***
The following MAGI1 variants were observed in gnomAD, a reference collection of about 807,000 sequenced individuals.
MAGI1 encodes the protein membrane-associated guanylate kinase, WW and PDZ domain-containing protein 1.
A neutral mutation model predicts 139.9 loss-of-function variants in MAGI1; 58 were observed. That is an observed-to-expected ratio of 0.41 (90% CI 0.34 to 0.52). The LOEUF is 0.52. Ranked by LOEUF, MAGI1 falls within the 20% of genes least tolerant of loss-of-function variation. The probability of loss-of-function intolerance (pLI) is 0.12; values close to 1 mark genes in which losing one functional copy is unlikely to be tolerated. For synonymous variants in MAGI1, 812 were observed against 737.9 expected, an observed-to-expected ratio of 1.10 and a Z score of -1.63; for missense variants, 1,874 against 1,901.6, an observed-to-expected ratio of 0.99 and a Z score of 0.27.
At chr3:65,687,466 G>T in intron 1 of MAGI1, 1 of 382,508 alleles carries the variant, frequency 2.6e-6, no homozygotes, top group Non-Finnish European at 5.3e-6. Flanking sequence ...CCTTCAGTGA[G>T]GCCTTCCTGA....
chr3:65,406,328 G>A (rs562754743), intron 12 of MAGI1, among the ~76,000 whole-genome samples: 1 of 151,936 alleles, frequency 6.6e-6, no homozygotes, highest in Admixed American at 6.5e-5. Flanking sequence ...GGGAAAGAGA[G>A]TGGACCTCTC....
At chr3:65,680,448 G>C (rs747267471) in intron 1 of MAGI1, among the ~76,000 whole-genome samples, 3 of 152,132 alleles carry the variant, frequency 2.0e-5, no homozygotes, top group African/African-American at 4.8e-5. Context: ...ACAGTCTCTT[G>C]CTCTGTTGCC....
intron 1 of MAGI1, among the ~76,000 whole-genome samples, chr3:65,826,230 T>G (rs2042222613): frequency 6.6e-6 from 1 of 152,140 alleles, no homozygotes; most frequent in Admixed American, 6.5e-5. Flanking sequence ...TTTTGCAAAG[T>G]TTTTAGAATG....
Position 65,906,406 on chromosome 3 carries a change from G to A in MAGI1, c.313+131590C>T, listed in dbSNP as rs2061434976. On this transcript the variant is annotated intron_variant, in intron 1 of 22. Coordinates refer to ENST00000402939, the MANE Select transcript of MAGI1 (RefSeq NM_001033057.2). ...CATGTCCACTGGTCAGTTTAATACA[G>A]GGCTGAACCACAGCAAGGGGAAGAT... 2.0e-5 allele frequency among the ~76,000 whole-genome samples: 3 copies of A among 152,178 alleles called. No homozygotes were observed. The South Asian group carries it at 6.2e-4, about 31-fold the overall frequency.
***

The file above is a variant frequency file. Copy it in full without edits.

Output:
The following MAGI1 variants were observed in gnomAD, a reference collection of about 807,000 sequenced individuals.
MAGI1 encodes the protein membrane-associated guanylate kinase, WW and PDZ domain-containing protein 1.
A neutral mutation model predicts 139.9 loss-of-function variants in MAGI1; 58 were observed. That is an observed-to-expected ratio of 0.41 (90% CI 0.34 to 0.52). The LOEUF is 0.52. Ranked by LOEUF, MAGI1 falls within the 20% of genes least tolerant of loss-of-function variation. The probability of loss-of-function intolerance (pLI) is 0.12; values close to 1 mark genes in which losing one functional copy is unlikely to be tolerated. For synonymous variants in MAGI1, 812 were observed against 737.9 expected, an observed-to-expected ratio of 1.10 and a Z score of -1.63; for missense variants, 1,874 against 1,901.6, an observed-to-expected ratio of 0.99 and a Z score of 0.27.
At chr3:65,687,466 G>T in intron 1 of MAGI1, 1 of 382,508 alleles carries the variant, frequency 2.6e-6, no homozygotes, top group Non-Finnish European at 5.3e-6. Flanking sequence ...CCTTCAGTGA[G>T]GCCTTCCTGA....
chr3:65,406,328 G>A (rs562754743), intron 12 of MAGI1, among the ~76,000 whole-genome samples: 1 of 151,936 alleles, frequency 6.6e-6, no homozygotes, highest in Admixed American at 6.5e-5. Flanking sequence ...GGGAAAGAGA[G>A]TGGACCTCTC....
At chr3:65,680,448 G>C (rs747267471) in intron 1 of MAGI1, among the ~76,000 whole-genome samples, 3 of 152,132 alleles carry the variant, frequency 2.0e-5, no homozygotes, top group African/African-American at 4.8e-5. Context: ...ACAGTCTCTT[G>C]CTCTGTTGCC....
intron 1 of MAGI1, among the ~76,000 whole-genome samples, chr3:65,826,230 T>G (rs2042222613): frequency 6.6e-6 from 1 of 152,140 alleles, no homozygotes; most frequent in Admixed American, 6.5e-5. Flanking sequence ...TTTTGCAAAG[T>G]TTTTAGAATG....
Position 65,906,406 on chromosome 3 carries a change from G to A in MAGI1, c.313+131590C>T, listed in dbSNP as rs2061434976. On this transcript the variant is annotated intron_variant, in intron 1 of 22. Coordinates refer to ENST00000402939, the MANE Select transcript of MAGI1 (RefSeq NM_001033057.2). ...CATGTCCACTGGTCAGTTTAATACA[G>A]GGCTGAACCACAGCAAGGGGAAGAT... 2.0e-5 allele frequency among the ~76,000 whole-genome samples: 3 copies of A among 152,178 alleles called. No homozygotes were observed. The South Asian group carries it at 6.2e-4, about 31-fold the overall frequency.